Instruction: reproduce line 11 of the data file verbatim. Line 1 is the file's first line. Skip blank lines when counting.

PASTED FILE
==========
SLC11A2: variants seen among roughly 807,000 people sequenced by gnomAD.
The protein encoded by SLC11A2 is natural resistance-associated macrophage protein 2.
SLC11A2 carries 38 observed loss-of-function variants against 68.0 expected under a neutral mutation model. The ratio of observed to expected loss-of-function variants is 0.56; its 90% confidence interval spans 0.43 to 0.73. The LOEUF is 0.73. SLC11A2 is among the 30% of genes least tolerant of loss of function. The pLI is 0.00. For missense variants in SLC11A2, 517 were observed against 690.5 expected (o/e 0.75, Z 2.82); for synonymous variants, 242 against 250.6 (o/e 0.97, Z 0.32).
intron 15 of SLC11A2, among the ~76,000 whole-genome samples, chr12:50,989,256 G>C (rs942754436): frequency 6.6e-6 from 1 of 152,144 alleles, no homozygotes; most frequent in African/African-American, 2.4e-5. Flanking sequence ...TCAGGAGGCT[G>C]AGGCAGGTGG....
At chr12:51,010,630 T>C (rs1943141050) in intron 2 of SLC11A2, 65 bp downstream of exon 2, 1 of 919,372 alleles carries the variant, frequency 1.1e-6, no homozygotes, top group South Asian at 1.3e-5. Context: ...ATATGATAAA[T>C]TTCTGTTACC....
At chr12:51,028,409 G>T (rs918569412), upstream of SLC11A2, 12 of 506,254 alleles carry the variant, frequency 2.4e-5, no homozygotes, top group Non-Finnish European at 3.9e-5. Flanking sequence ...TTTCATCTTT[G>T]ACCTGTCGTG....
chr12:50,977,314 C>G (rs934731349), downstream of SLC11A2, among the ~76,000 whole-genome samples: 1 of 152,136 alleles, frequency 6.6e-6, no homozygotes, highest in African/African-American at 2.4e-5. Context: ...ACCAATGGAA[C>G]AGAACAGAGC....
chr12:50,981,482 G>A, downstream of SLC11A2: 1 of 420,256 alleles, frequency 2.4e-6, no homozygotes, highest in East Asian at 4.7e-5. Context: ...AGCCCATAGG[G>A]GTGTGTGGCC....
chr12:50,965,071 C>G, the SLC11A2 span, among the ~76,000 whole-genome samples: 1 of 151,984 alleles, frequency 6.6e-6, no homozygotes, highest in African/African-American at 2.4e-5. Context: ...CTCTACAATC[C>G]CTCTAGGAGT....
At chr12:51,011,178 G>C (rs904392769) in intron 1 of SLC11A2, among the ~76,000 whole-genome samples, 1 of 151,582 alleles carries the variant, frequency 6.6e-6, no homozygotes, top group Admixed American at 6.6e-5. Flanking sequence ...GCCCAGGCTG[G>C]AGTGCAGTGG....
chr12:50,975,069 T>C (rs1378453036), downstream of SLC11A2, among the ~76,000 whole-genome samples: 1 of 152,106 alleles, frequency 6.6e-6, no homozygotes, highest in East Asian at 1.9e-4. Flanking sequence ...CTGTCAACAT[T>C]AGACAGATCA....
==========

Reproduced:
chr12:50,975,069 T>C (rs1378453036), downstream of SLC11A2, among the ~76,000 whole-genome samples: 1 of 152,106 alleles, frequency 6.6e-6, no homozygotes, highest in East Asian at 1.9e-4. Flanking sequence ...CTGTCAACAT[T>C]AGACAGATCA....